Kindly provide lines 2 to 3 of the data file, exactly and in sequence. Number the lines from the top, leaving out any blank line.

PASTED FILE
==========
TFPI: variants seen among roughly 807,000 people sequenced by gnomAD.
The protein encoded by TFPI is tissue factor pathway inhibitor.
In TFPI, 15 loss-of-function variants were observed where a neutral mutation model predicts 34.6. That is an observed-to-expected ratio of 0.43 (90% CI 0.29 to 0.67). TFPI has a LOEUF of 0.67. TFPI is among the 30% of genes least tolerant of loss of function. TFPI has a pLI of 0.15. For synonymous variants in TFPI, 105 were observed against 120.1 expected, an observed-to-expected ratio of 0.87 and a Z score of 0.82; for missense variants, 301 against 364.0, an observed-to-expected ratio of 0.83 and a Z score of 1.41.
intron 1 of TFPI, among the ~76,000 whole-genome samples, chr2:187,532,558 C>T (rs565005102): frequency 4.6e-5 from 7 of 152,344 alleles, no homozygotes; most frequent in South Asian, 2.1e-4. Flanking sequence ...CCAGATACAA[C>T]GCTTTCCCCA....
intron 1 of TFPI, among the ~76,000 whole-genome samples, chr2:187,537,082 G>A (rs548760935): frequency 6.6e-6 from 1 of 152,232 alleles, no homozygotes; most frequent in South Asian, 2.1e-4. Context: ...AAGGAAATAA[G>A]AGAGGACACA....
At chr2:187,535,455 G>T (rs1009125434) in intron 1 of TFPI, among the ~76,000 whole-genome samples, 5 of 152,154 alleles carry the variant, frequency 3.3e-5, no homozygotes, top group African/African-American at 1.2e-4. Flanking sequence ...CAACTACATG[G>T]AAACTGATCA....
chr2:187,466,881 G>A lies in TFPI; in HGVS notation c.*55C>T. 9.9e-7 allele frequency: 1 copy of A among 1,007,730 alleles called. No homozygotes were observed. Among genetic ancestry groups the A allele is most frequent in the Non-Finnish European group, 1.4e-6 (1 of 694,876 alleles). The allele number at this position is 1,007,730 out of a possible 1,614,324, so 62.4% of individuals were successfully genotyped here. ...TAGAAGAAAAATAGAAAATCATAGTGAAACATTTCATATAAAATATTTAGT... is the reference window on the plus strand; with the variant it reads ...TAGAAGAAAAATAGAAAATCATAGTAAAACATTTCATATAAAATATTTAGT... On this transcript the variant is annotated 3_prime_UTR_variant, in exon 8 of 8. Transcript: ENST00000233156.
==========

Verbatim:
The protein encoded by TFPI is tissue factor pathway inhibitor.
In TFPI, 15 loss-of-function variants were observed where a neutral mutation model predicts 34.6. That is an observed-to-expected ratio of 0.43 (90% CI 0.29 to 0.67). TFPI has a LOEUF of 0.67. TFPI is among the 30% of genes least tolerant of loss of function. TFPI has a pLI of 0.15. For synonymous variants in TFPI, 105 were observed against 120.1 expected, an observed-to-expected ratio of 0.87 and a Z score of 0.82; for missense variants, 301 against 364.0, an observed-to-expected ratio of 0.83 and a Z score of 1.41.